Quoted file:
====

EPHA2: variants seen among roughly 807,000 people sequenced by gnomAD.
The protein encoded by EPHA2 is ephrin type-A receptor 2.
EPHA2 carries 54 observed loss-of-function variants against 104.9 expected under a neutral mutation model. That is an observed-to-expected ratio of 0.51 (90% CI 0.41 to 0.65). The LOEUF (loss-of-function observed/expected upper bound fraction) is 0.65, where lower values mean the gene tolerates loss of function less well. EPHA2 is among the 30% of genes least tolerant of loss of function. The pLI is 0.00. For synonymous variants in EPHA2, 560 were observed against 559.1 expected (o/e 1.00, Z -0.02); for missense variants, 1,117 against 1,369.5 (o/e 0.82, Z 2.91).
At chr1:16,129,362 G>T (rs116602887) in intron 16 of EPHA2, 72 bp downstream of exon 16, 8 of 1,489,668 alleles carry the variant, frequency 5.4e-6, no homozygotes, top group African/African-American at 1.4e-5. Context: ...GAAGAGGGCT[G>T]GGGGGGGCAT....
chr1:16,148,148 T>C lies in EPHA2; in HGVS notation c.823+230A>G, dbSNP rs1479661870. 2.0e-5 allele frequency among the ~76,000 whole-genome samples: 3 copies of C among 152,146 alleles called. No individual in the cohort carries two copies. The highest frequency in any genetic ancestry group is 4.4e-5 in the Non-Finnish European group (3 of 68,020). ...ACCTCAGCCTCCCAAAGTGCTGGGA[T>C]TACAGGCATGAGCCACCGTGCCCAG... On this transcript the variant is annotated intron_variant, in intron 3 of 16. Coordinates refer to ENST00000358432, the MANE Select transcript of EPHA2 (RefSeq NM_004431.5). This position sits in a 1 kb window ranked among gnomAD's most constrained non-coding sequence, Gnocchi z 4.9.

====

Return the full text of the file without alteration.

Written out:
EPHA2: variants seen among roughly 807,000 people sequenced by gnomAD.
The protein encoded by EPHA2 is ephrin type-A receptor 2.
EPHA2 carries 54 observed loss-of-function variants against 104.9 expected under a neutral mutation model. That is an observed-to-expected ratio of 0.51 (90% CI 0.41 to 0.65). The LOEUF (loss-of-function observed/expected upper bound fraction) is 0.65, where lower values mean the gene tolerates loss of function less well. EPHA2 is among the 30% of genes least tolerant of loss of function. The pLI is 0.00. For synonymous variants in EPHA2, 560 were observed against 559.1 expected (o/e 1.00, Z -0.02); for missense variants, 1,117 against 1,369.5 (o/e 0.82, Z 2.91).
At chr1:16,129,362 G>T (rs116602887) in intron 16 of EPHA2, 72 bp downstream of exon 16, 8 of 1,489,668 alleles carry the variant, frequency 5.4e-6, no homozygotes, top group African/African-American at 1.4e-5. Context: ...GAAGAGGGCT[G>T]GGGGGGGCAT....
chr1:16,148,148 T>C lies in EPHA2; in HGVS notation c.823+230A>G, dbSNP rs1479661870. 2.0e-5 allele frequency among the ~76,000 whole-genome samples: 3 copies of C among 152,146 alleles called. No individual in the cohort carries two copies. The highest frequency in any genetic ancestry group is 4.4e-5 in the Non-Finnish European group (3 of 68,020). ...ACCTCAGCCTCCCAAAGTGCTGGGA[T>C]TACAGGCATGAGCCACCGTGCCCAG... On this transcript the variant is annotated intron_variant, in intron 3 of 16. Coordinates refer to ENST00000358432, the MANE Select transcript of EPHA2 (RefSeq NM_004431.5). This position sits in a 1 kb window ranked among gnomAD's most constrained non-coding sequence, Gnocchi z 4.9.